Q: Where has Shipley been most successful in adapting over the past 25 years?
Greenberg: I think we have adapted a curriculum that’s more engaged, more of the world. We probably still have a long way to go, but I don’t think anyone says we shouldn’t be trying new things, whether it’s interdisciplinary, technology, or SEED [Social, Emotional, Ethical Development]. It’s all important.
Vaux ’63: I think, although I was very skeptical about this at first, that the whole Positive Education thing is a good initiative for our time because it addresses all of the insecurities and the issues that are so prevalent—the 21st century frenzy and the stresses that we all have.
When I hear older alumni lament the lack of the old spirituality that we used to have, I see this as a kind of secular way of dealing with that. It’s not deist, obviously, but it does deal with ethics and kindness to others and responsibility in the community in ways that the old spiritual values taught—but without the potential contentiousness of specific religious forms.
Q: What challenges and opportunities do you foresee in the next 25 years?
Eiteljorg ’86: We need to figure out how to insert our students into the world more. Technology makes it too easy not to.
If we have all of these resources and skills and our students are doing great things (or even doing mediocre things that they’re fumbling through), the next opportunity is getting them an audience. What are they doing for other people? How are they participating in an intellectual community that is beyond the walls of the School?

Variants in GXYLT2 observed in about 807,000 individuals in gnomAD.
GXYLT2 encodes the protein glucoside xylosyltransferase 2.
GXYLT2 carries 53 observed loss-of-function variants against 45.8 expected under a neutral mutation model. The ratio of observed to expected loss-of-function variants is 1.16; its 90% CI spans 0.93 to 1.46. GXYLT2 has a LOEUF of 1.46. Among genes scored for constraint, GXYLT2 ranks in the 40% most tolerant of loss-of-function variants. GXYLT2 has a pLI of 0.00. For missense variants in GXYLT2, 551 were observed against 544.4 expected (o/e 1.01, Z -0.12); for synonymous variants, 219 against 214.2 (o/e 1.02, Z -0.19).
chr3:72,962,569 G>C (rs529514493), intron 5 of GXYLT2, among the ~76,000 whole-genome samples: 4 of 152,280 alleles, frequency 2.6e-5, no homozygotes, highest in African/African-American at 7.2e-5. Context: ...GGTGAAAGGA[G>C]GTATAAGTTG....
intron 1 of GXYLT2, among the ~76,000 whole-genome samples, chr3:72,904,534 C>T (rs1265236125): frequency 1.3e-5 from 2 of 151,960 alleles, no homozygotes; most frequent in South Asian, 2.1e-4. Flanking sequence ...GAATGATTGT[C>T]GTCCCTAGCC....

How are we helping them find people who are interested in whatever they’re interested in and supporting that developing passion for an area of study? How are we both telling students they have the power and responsibility to take up the challenge of sharing ideas with and creating content for others? As students begin to create work for an age-appropriate audience, they are motivated by that audience, especially if that audience is bigger than their classmates or teacher.
If we can support students in becoming engaged to the point that they say, “I’m an author or a thinker on this subject, and here’s my contribution to this area of study,” then we all win. They don’t have to be solving the huge problems of the world, although I suspect some will in time. Feeling able to contribute to the greater understanding of something is so powerful. Students who see themselves as people who do real work and solve real problems will grow up to do just that.
Q: What has remained constant at Shipley?
Eiteljorg ’86: At Shipley, you can do a lot of different things and people will recognize you, recognize that you do that and know that you do that. That’s a strength and it is something that has endured. I think there were plenty of people who recognized who I was as a student, as a learner, and I think that happens today, too.
Vaux ’63: Everybody can be recognized for something. I always said that about my class. Respect for quality. There has always been, in not only age-appropriate, but time-appropriate ways, a requirement for quality work. That’s been a constant from the beginning and all the way through, up to now.
Greenberg: One of Shipley’s greatest strengths is its sense of community and its value of community. Kids feel loved and safe and engaged and that shows.